On January 14, 2010, the Fish and the then-25-year-old righty finally agreed on a four-year, $39M deal. Let’s see how it went for both sides.
On January 14, 2010, after pushing back and forth for a while, the Marlins reached an agreement with right-hander Josh Johnson and his representatives on a contract extension. It was a four-year, $39M deal that was supposed to keep him with the team through the 2013 season.
It wasn’t an easy negotiation between the parties. In fact, it took several twists during that offseason. His agent, Matt Sosnick, said the two sides had reached an “impasse” two months before the contract signing, as the Marlins were (reportedly) only willing to commit to a three-year, $23 million deal.
That’s not what Johnson was looking for. He viewed Zack Greinke and his 4/$38M Royals extension as an appropriate framework. Sosnick didn’t like the Marlins’ offer and then said his client would play under a one-year contract or go to salary arbitration, with the possibility of a trade at midseason or the following winter.
Luckily for Florida, they eventually found common ground. On paper, it was a huge victory for the historically small-market franchise to ink one of baseball’s best young starters shortly before his 26th birthday. He should’ve been entering his prime. Meanwhile, it provided plenty of security for Johnson, the second-biggest contract ever for a pitcher heading into his second salary arbitration (Johan Santana received $40M from the Twins).
What came next for the Fish and the righty pitcher?
Johnson made an immediate impact in 2010 as the best pitcher in the rotation for then-manager Fredi González. He led the Marlins in WAR that year (6.6 bWAR), owning an 11-6 record, and leading the league in ERA (2.30) and FIP (2.41). He deservedly went to his second All-Star Game.
On May 29, he was outdueled by Roy Halladay during his famous perfect game, one of only five that have taken place since 2010. In that game, Johnson went seven innings of seven hits yielding one unearned run, but that was enough for Halladay and the Phillies.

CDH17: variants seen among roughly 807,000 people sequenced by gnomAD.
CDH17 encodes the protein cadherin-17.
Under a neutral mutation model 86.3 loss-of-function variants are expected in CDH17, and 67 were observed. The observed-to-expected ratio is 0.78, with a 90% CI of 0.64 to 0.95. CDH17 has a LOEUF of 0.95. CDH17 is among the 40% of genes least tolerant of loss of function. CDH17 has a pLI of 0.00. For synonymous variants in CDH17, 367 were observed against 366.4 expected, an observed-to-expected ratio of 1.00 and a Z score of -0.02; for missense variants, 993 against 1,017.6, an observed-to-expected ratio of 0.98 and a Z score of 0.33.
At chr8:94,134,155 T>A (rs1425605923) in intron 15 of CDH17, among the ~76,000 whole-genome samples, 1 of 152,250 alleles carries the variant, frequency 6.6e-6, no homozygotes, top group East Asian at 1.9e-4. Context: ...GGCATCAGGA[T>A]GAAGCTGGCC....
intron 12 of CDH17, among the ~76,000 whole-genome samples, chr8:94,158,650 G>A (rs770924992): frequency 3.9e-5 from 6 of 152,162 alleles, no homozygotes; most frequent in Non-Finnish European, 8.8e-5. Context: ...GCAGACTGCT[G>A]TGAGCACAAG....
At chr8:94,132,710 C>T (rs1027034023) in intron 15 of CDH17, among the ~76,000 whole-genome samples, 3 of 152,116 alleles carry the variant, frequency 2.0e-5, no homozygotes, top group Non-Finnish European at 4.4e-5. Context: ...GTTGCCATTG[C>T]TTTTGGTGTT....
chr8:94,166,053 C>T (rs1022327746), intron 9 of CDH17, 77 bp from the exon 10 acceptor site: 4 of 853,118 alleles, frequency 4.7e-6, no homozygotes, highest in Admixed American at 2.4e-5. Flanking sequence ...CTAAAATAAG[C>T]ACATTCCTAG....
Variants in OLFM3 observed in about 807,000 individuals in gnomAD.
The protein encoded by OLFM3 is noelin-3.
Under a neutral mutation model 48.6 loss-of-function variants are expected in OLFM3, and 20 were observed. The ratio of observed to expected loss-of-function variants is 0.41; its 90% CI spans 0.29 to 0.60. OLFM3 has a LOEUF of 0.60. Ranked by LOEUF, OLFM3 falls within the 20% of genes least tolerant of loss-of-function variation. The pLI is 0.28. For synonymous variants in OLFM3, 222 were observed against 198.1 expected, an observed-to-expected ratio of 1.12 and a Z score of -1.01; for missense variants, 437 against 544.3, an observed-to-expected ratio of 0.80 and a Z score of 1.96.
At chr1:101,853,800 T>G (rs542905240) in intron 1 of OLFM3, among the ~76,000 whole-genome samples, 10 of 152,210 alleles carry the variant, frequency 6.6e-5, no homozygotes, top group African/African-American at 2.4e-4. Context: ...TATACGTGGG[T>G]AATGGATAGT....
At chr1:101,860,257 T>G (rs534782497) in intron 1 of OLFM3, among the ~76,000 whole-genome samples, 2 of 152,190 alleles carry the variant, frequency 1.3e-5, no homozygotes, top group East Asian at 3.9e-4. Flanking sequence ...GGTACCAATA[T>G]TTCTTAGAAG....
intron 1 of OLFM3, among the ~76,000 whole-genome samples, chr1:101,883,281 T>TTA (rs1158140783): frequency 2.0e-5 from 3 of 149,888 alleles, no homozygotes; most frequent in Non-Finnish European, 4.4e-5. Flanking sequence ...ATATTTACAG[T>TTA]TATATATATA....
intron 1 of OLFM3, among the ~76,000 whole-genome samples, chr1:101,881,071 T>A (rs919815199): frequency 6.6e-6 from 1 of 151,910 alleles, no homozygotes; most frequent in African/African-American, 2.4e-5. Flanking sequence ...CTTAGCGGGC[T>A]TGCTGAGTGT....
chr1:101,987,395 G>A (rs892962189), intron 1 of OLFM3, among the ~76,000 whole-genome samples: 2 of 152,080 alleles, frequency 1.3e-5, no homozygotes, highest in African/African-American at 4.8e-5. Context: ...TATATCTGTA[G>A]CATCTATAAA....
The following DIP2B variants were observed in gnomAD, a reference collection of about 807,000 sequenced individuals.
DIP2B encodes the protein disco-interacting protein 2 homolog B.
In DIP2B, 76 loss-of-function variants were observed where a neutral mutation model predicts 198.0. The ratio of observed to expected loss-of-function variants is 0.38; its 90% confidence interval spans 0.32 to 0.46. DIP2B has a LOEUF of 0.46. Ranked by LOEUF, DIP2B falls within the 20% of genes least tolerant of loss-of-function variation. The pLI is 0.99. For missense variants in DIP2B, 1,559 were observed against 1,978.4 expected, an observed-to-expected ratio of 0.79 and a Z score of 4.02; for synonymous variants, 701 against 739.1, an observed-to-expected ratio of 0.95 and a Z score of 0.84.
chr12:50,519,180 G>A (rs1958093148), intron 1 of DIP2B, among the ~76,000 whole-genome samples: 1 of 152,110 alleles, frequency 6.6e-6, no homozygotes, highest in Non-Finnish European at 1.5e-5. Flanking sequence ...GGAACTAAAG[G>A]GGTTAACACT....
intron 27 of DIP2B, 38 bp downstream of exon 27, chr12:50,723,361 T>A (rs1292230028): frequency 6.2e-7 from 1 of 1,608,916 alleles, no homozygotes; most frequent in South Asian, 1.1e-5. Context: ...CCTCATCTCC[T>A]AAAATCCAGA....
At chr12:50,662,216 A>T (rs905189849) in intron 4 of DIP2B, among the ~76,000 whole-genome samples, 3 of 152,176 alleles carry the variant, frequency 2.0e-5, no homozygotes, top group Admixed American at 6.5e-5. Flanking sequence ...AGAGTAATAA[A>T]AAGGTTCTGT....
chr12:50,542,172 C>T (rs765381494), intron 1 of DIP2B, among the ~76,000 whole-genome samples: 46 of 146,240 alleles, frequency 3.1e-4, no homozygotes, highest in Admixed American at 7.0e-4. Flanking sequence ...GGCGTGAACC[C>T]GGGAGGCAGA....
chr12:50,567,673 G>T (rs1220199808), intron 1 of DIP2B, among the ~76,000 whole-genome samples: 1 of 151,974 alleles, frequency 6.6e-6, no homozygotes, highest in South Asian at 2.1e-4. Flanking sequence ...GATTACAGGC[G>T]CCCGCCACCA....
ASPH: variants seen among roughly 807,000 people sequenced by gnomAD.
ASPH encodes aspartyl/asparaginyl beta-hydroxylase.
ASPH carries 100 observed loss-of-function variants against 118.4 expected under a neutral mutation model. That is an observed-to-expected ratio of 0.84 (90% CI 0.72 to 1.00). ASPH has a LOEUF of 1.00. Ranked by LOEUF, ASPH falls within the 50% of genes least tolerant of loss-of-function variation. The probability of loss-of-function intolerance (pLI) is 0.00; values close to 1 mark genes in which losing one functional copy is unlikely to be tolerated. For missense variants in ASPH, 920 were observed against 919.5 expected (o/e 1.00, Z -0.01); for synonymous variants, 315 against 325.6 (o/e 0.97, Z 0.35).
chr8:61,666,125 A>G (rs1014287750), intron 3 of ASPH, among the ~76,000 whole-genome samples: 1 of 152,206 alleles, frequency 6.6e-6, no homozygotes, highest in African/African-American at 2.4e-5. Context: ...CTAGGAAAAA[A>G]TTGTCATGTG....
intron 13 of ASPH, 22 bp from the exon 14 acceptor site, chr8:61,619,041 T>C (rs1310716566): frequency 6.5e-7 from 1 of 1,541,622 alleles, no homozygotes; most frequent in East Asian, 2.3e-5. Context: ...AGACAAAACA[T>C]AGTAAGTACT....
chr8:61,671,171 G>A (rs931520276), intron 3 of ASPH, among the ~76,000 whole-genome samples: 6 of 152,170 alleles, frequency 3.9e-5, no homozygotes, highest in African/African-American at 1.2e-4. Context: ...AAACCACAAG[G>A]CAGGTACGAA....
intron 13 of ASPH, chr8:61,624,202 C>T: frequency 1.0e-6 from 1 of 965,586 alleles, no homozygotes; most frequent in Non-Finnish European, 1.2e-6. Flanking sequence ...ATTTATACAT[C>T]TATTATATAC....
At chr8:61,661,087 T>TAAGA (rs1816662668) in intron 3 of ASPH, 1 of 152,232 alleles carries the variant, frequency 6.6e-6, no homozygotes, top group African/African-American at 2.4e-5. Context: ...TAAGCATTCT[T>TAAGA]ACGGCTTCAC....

That year, Johnson also set a Marlins record of 20 consecutive starts allowing three or fewer runs, established between April 10-July 27. In that span, he was 10-2 with a 1.52 ERA. That record was later tied by José Fernández (2013-2014).
Johnson might’ve finished higher than fifth place in the NL Cy Young voting (won by Halladay), but a back injury shortened his season to 28 starts and 183 2⁄3 frames. His final appearance came on a gem against the Braves on September 4 (6.0 IP, 8 H, 2 ER, 3 BB, 12 SO).
Everything started to go the wrong way in 2011. Johnson was cruising and dominating when his season came to a sudden end after only nine starts. Due to right shoulder inflammation, he didn’t throw a single pitch after his May 16 start, finishing the campaign with a 3-1, 1.64 ERA record.
Here’s a trivia question: Who started for the Marlins in their first game ever at Marlins Park? Well, Josh Johnson, on 2012 Opening Day against the St. Louis Cardinals. That year, the third under this contract, he had a rough beginning, but found his groove in early May.
That was the last we saw of JJ as a Marlin, as the team included him in the unforgettable trade of November 19, 2012. They sent Johnson to the Blue Jays along with Emilio Bonifacio, John Buck, Mark Buehrle, José Reyes, and cash in exchange for Henderson Álvarez, Anthony DeSclafani, Yunel Escobar, Adeiny Hechavarría, Jake Marisnick, Jeff Mathis, and Justin Nicolino.
Johnson finished his 2013 season with the Blue Jays and never threw another pitch in the Majors despite several attempts. Forearm, neck, and elbow injuries, another Tommy John surgery, and one more procedure to remove bone spurs from his right elbow prevented Johnson from completing a comeback to the majors. He ultimately announced his retirement in January 2017.
Was this deal worth it for the Fish? I think so! That agreement gave them three more good years of one of their best starters of all time and their all-time pitching leader in terms of bWAR (25.7).
If even one of the Marlins’ current young pitchers is able to match Johnson’s overall body of work, the team would be very fortunate.